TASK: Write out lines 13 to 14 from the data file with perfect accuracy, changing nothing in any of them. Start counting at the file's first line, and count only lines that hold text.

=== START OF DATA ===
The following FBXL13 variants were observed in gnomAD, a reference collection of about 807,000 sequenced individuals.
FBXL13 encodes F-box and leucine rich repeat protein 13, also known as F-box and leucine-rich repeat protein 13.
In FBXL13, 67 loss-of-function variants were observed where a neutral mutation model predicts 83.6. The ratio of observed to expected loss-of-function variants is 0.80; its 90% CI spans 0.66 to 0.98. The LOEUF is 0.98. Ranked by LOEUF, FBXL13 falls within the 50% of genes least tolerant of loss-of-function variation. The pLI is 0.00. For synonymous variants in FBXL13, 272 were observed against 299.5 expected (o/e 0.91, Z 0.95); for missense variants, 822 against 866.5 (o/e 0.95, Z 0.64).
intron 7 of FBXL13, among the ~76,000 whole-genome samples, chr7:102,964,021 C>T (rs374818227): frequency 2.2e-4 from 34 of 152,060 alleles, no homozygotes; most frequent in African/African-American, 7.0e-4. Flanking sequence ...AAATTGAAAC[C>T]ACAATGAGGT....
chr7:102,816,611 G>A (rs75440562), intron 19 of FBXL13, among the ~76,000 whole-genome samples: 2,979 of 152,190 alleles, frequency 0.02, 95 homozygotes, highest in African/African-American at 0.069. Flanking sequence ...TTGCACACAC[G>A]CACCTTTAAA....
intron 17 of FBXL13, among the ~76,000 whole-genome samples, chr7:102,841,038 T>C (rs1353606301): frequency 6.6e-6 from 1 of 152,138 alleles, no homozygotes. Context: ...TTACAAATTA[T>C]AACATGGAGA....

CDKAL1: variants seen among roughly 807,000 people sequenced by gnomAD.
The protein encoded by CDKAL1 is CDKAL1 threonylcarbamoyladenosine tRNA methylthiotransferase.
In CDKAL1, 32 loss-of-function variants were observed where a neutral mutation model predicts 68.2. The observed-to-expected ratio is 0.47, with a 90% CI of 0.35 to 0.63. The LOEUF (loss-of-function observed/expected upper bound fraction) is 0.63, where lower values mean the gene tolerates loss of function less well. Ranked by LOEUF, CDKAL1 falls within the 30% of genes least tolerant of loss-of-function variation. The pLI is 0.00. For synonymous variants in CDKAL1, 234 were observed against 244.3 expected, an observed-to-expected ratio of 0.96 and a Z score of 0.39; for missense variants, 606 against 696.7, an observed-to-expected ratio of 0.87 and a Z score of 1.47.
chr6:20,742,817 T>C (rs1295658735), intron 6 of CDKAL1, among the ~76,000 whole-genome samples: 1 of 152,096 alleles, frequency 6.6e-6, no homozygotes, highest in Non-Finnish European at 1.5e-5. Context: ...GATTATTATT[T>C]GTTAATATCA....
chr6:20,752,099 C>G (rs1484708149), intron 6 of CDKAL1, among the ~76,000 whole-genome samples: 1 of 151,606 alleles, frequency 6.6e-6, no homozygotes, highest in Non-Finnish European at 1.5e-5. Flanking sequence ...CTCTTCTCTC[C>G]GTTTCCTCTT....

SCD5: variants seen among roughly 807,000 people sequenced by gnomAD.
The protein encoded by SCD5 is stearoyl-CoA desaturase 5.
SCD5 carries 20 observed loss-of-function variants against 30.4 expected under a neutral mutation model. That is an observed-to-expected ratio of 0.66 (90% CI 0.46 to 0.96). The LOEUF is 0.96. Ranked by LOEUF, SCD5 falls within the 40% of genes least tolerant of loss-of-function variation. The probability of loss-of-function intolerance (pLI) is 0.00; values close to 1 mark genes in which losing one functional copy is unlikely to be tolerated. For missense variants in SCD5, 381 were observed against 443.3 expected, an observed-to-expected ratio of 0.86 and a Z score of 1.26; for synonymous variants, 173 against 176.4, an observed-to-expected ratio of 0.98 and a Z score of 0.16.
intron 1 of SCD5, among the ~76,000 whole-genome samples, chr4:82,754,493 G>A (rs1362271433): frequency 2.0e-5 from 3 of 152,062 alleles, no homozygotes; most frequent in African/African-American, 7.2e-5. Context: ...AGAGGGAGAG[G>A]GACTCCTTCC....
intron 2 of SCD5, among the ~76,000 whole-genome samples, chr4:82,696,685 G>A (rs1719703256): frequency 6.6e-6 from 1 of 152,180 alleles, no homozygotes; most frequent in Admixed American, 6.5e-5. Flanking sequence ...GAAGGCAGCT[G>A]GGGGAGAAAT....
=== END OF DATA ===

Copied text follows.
The protein encoded by SCD5 is stearoyl-CoA desaturase 5.
SCD5 carries 20 observed loss-of-function variants against 30.4 expected under a neutral mutation model. That is an observed-to-expected ratio of 0.66 (90% CI 0.46 to 0.96). The LOEUF is 0.96. Ranked by LOEUF, SCD5 falls within the 40% of genes least tolerant of loss-of-function variation. The probability of loss-of-function intolerance (pLI) is 0.00; values close to 1 mark genes in which losing one functional copy is unlikely to be tolerated. For missense variants in SCD5, 381 were observed against 443.3 expected, an observed-to-expected ratio of 0.86 and a Z score of 1.26; for synonymous variants, 173 against 176.4, an observed-to-expected ratio of 0.98 and a Z score of 0.16.